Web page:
Talk:Long ton

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Over accurate numbers?

In the article, a few weight comparison values are referenced to the 7th decimal point. Example: "It is equal to 2,240 pounds (1,016.0469088 kg)." In most cases there shouldn't be a need to be more accurate than 1kg, where the Imperial Unit is only accurate to 1lb. This diminishes the value & meaning of the information, and can lead to a false sense of accuracy. 192.138.51.34 (talk) 15:02, 19 May 2009 (UTC)

Changed precision to be 2-3 sigfigs. Reads much better now. --XaXXon (talk) 04:16, 8 December 2009 (UTC)
That change was not really useful. Mind you that this is an article about units, so their conversions should be as accurate as possible; if it says that one thing is equal to some other thing, then it really ought to be equal, not just "approximately equal". Everyone can round it to their heart's content, but without the precision and the accuracy of the facts, the otherwise promisingly encyclopedic article is pretty useless as a reference material. I have therefore changed it to either full precision (in almost all of the cases), or as great precision as the respective template permits it (as in the case of kg to lb conversion). --84.47.117.130 (talk) 20:59, 27 December 2009 (UTC)
There are many cases where conversions are needed to an accuracy of greater than 1kg. It is entirely wrong to say that the Imperial unit is only accurate to 1lb. A long ton is precisely, not approximately, 2,240 lbs. There was no false sense of accuracy.HighsideUK (talk) 09:58, 20 June 2011 (UTC)

L/T ?

Do we have any reference for L/T being the symbol for long ton? I've encountered quite a few other possible symbols:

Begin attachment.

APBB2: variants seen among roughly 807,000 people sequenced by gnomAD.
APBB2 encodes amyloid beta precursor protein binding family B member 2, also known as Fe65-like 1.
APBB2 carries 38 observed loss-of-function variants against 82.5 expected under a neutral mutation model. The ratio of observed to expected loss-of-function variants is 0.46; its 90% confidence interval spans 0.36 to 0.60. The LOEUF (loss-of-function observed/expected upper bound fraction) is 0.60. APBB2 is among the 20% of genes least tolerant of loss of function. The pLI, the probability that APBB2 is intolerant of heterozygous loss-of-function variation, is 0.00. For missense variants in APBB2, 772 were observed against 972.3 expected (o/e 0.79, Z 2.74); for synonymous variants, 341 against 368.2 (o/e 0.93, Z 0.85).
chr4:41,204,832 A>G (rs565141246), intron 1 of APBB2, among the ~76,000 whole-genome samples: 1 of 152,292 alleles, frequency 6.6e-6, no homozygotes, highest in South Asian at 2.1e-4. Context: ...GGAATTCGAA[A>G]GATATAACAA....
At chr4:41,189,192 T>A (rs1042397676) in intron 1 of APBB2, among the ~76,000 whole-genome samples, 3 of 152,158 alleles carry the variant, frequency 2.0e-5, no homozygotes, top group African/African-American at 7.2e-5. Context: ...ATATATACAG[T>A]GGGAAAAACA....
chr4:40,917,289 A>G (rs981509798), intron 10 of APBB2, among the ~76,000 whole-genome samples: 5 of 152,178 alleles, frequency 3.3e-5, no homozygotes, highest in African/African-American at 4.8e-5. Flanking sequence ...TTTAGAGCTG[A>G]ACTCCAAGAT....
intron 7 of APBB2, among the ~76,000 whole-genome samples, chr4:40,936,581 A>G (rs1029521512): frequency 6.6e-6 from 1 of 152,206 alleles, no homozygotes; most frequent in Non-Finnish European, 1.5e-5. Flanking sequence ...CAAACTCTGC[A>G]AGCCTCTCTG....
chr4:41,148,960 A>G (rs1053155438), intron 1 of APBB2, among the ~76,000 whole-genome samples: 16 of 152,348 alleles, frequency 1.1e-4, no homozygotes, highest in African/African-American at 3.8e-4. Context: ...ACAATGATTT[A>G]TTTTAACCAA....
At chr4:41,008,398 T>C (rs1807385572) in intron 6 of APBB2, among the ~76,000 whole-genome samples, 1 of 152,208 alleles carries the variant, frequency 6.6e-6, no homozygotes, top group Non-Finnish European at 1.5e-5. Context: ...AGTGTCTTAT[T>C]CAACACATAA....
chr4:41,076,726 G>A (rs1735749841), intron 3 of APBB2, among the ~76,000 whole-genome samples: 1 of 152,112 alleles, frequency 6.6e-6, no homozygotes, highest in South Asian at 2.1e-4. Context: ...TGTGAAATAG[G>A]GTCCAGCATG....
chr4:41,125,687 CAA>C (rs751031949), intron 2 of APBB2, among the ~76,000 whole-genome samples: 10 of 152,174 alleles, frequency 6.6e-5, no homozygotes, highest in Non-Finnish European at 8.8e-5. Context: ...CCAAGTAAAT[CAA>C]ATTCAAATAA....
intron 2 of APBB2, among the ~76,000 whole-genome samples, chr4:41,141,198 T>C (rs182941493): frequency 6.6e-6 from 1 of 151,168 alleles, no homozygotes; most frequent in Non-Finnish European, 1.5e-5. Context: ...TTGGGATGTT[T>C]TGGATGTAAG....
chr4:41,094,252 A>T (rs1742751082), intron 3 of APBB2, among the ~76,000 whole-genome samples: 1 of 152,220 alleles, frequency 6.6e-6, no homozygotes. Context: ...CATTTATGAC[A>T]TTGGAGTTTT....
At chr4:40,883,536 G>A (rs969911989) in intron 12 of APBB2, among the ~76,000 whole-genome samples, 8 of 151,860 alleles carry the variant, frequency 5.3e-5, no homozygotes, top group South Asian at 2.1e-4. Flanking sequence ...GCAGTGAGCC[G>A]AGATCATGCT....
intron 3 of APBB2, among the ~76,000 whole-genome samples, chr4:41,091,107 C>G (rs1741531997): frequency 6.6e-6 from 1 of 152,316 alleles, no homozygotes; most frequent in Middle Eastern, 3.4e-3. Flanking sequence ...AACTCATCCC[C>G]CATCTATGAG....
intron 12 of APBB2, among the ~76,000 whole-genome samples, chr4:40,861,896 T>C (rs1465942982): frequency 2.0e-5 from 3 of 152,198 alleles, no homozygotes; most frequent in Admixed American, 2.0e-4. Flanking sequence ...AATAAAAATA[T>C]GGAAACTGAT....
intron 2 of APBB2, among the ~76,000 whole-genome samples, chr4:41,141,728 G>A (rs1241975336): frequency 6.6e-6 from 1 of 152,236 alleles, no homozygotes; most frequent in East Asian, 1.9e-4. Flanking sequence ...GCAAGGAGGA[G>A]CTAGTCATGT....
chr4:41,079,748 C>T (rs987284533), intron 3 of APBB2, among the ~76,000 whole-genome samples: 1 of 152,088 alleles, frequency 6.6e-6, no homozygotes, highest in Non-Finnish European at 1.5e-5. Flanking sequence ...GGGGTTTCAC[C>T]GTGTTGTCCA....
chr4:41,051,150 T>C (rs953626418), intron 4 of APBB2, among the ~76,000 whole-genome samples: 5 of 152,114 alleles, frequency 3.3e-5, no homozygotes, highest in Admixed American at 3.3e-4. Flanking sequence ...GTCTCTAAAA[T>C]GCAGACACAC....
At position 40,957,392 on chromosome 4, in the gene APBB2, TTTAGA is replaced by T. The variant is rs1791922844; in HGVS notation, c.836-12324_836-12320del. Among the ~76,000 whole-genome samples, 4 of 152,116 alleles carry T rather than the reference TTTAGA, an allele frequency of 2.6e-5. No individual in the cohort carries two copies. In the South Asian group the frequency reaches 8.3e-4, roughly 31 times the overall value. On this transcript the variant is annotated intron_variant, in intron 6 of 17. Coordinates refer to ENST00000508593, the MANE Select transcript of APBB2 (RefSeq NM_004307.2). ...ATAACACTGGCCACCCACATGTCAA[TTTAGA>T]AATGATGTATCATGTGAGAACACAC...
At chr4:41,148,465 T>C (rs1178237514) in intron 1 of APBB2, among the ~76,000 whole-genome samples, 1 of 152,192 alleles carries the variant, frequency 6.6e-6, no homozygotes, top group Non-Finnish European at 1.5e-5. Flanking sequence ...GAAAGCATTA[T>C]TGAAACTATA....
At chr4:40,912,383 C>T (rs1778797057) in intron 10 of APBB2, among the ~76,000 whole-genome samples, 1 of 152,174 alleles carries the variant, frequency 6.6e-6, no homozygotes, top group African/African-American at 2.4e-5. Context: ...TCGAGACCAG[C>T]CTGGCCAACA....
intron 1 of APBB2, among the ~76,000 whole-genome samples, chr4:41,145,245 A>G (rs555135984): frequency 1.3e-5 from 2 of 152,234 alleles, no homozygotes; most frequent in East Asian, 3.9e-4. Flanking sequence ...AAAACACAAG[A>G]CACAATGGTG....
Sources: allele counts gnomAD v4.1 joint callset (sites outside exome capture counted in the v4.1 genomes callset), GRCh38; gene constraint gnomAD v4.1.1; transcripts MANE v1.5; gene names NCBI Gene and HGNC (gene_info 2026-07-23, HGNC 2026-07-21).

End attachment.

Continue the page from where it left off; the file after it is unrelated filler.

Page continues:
• [1] says "If it is necessary to distinguish the tonne from the British Imperial ton, use tn for the British unit."
• [2] says "Das Einheitenzeichen der Britischen Tonne ist: tn.l."
• [3] "1 Lt = 1.01605 t"

- TaalVerbeteraar (talk) 17:41, 1 January 2009 (UTC)

Origin

I believe that the origin of the "Ton," was for shipping liquid. 2000 lbs of liquid and the standard barrell weighed 240 lbs. Thus the ton was 2,240 LBS... Bill Davis, Plainfield, IL.
—The preceding unsigned comment was added by 67.173.35.38 (talkcontribs) on 00:05, 21 January 2009 (UTC); Please sign your posts!

The 'ton' comes from this one: Tun - it was a unit of measurement of liquids such as wine and beer, which were widely transported by ship in these casks during the Middle Ages and later. The weight of a full tun (one filled with liquid) later gave its name to the unit of weight, the long ton. The weight of a full tun varied with what liquid was used, due to different liquids having different specific gravities, and so IIRC this 'ton' was later standardised to be the weight of a tun filled with freshwater, but I may be wrong on that.
Later the 'ton' came also to refer to the space taken up by the tun in the ship's hold, so it effectively became a measure of volume/area available for carrying other types of cargo within the ship. This later became the Register ton, based on the internal volume of the hold and of any useful deckspace, measured in multiples of 100 cubic feet. — Preceding unsigned comment added by 80.7.147.13 (talk) 22:57, 8 June 2012 (UTC)

Make sense

The introductory phrase: Long ton (weight ton or imperial ton) is the name for the unit called the "ton" ... does not make sense. Globbet (talk) 00:25, 15 November 2010 (UTC)

Just to clarify, is it correct that the long ton and the tonne are two different measurements? Joefromrandb (talk) 07:19, 9 April 2011 (UTC)
Absolutely - they are units from different measurement systems. The long ton is an imperial unit defined as 2,240 lb, the tonne is a metric unit defined as 1,000 kg. Coincidentally, they happen to be approximately equal with the long ton being about 1.7% greater than the tonne. But because they represent a similar mass, one must be careful not to confuse them for being the same unit. Wcp07 (talk) 08:08, 9 April 2011 (UTC)
Thank you. Your answer jogged my memory. I knew that at one time. Joefromrandb (talk) 20:38, 9 April 2011 (UTC)